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Art History: Impressionism

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This post is part of a series called A Beginner's Guide to Art History.
Art History: Neoclassicism and Romanticism

Welcome back to our series on art history! From the world of Neoclassical and Romantic art, we now venture onward to the 19th-century art movement of Impressionism. Let's see how history significantly affected the art of this time.

Study of a Figure Outdoors by Claude Monet
Study of a Figure Outdoors by Claude Monet

The Impressionist Movement

How do you capture the beauty of sunlight as it sets and rises again? Nineteenth-century artists would show you how, with free-moving brush strokes and open compositions that were realistic, yet dreamy.

The Impressionist movement derived from a desire to break away from the mold of classic Greco-Roman painting styles. Emphasis was placed on the ability to translate natural lighting, ordinary subjects, and movement to the medium of oil painting.

During this period, Impressionists painted snapshot imagery of nature and social gatherings blanketed in warmly lit scenes. As they adopted the style of en plein air painting, they focused on studying the role that light plays in composition and color.

Let's check out a few notable artists from this period.

Claude Monet

It all started with this painting by Claude Monet. "Impression, soleil levant," also known as, Impressionism Sunrise, was the defining piece that became the official anthem of this movement.

By using a hazy painting style, Monet wanted to give the impression of a smoky sunrise over the French port of Le Havre.

Impression Sunrise by Claude Monet
Impression Sunrise by Claude Monet

A few of his more notable works also include "Woman with a Parasol" and "Study of a Figure Outdoors." These paintings feature his signature loose brush style with inviting colors. The viewer feels entranced in the images of Monet's subjects, which were often his wife, friends, or relatives.

Woman with a Parasol by Claude Monet
Woman with a Parasol by Claude Monet
"I perhaps owe having become a painter to flowers." — Claude Monet

During his later years, Monet documented the remainder of his life through his work, including a failing eyesight that led to more red-toned paintings. His style was expressive and energetic, and remembered for its precise sense of natural lighting.

La Grenouillre by Claude Monet
La Grenouillère by Claude Monet

Edgar Degas

As one of the founding fathers of the Impressionist Movement, Edgar Degas revealed himself as more of a realist instead.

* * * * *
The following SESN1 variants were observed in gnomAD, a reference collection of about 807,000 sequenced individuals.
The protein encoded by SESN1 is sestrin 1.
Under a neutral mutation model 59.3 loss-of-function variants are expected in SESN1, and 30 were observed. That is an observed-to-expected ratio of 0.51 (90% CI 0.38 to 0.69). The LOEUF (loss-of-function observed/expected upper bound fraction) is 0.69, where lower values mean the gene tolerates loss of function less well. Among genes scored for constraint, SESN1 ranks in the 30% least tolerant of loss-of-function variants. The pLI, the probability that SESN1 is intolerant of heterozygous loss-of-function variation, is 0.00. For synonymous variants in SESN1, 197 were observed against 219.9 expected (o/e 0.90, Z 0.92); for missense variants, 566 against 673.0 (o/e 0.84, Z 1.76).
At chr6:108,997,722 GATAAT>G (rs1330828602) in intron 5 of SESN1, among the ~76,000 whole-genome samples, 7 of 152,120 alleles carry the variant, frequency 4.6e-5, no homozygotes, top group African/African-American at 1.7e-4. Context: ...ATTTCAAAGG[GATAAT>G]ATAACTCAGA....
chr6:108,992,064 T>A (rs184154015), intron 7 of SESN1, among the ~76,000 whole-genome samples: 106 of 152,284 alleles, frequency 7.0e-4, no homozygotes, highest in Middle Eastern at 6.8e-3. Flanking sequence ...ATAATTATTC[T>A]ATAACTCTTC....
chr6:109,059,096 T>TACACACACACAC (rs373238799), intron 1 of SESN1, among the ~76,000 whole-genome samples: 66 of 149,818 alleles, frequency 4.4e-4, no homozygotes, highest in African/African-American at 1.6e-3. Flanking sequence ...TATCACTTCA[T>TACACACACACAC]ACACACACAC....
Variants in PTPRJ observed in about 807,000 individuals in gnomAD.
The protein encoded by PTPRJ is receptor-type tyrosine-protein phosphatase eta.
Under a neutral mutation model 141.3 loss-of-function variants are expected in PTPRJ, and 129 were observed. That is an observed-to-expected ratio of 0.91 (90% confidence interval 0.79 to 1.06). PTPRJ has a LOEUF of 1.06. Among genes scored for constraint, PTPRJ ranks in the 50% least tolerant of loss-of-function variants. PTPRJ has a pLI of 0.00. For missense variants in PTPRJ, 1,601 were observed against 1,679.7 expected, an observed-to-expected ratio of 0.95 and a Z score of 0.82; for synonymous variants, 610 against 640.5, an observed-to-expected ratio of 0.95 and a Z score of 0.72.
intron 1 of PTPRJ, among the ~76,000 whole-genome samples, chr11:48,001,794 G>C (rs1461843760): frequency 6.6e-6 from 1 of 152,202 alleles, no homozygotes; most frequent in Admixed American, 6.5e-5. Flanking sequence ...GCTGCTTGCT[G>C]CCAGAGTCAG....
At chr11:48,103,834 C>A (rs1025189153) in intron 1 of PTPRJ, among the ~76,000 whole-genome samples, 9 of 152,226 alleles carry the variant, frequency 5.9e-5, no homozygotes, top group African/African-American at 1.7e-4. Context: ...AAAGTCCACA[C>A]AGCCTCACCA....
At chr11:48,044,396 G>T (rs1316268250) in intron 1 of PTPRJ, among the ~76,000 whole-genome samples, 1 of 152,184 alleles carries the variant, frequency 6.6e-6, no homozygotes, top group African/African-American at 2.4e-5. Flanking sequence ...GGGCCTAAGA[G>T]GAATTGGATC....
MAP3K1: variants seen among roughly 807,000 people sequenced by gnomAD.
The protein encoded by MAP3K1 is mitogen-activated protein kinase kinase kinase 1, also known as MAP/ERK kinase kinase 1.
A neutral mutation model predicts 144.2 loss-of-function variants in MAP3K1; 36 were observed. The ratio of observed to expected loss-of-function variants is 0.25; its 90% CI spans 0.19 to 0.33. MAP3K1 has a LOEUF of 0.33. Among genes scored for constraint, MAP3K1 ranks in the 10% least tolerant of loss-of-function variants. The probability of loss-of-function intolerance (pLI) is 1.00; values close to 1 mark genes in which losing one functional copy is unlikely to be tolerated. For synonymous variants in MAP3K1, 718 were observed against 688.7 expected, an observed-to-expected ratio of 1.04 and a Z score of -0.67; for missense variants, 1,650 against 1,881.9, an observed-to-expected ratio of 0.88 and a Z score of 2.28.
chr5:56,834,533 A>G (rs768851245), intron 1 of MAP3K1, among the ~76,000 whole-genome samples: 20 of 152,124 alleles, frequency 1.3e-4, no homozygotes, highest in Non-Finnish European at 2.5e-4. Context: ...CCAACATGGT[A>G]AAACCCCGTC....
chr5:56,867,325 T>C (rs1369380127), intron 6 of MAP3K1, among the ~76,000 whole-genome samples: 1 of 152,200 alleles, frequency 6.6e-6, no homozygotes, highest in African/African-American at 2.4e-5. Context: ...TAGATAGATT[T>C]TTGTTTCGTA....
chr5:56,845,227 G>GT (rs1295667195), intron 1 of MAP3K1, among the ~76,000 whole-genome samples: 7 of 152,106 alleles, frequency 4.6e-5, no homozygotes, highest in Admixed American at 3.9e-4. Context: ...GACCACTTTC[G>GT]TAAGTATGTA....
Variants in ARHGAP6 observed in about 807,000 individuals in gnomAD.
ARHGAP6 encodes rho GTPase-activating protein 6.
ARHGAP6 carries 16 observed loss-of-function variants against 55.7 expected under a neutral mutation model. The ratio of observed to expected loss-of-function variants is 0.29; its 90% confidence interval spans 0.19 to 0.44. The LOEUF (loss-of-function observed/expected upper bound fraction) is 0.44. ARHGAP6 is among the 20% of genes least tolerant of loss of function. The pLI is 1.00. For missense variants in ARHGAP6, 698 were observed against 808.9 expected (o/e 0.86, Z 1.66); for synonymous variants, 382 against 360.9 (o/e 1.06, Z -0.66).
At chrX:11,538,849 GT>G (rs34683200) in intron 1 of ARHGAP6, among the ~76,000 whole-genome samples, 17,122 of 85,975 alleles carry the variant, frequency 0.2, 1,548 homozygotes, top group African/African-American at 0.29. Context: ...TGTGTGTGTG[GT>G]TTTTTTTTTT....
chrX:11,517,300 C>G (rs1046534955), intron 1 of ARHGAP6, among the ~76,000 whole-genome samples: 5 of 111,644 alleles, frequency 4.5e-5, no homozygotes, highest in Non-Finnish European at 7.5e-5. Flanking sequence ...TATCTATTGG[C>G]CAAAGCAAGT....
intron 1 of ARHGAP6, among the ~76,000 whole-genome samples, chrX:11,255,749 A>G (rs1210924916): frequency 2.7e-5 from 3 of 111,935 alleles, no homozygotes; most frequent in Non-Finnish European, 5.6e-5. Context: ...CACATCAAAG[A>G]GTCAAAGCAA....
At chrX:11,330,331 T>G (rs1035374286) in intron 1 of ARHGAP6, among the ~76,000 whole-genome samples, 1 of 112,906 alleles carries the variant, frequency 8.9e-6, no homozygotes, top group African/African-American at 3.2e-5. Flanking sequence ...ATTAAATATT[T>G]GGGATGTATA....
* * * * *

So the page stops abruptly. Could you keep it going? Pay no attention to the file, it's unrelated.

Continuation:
His style is rooted in early French technique, with a vigorous attention to detail. But it also notably shared the reputation as an unfinished style, due in part to Degas's alleged eye troubles.

The Ballet Class by Edgar Degas
The Ballet Class by Edgar Degas

Depicting beautiful scenes at racetracks and behind-the-scenes shots at ballet classes, Degas rendered paintings that are simply hard to forget.

He composed them with a love of finite detail, and often spent much time developing a single piece over the course of several stages.

The Dancing Class by Edgar Degas
The Dancing Class by Edgar Degas
"In art, nothing should look like chance, not even movement." — Edgar Degas

The illustrious style of Degas would go on to inspire many artists. His ties to the movement and its founding artists also place him at the center of this captivating technique.

Orchestra Musicians by Edgar Degas
Orchestra Musicians by Edgar Degas

Vincent van Gogh

Post-impressionist styles delivered the renowned work of Dutch artist Vincent van Gogh. Regarded as one of the most influential artists of his time, Van Gogh experienced much trouble in his life, which translated into beautiful paintings.

The Starry Night by Vincent van Gogh
The Starry Night by Vincent van Gogh

His paintings tell the story of his struggle with mental illness, an unstable career, and many internal troubles.

Like many artists, Van Gogh also painted brilliant self-portraits and portraits of loved ones.

Self-Portrait by Vincent van Gogh
Self-Portrait by Vincent van Gogh
"What would life be if we had no courage to attempt anything?" — Vincent van Gogh

His work had a high reputation for vibrant colors as he loved bright shades of yellow to communicate feelings of truth as well as different shades of sunlight.

Among some of his most famous subjects were beautiful wheat and cypress fields. He became fascinated with the gigantic tree, often used symbolically to represent death and mourning.

Wheat Field with Cypresses by Vincent Van Gogh
Wheat Field with Cypresses by Vincent Van Gogh

A mix of somberness and hope encompasses the style of Van Gogh, and he is remembered as an artist with great vision and mystique.

Conclusion

Rapid brush strokes dominated the art of Impressionism during the 19th century. Its wide range of culture and influence is a true testament to the evolution of art. And I hope you continue to learn more about these amazing timelines on your own.

For more amazing tales of 19th century Impressionism, dive into the links below for further reading. And join me next month when we discuss Cubism.

The following sources were also included in this article:

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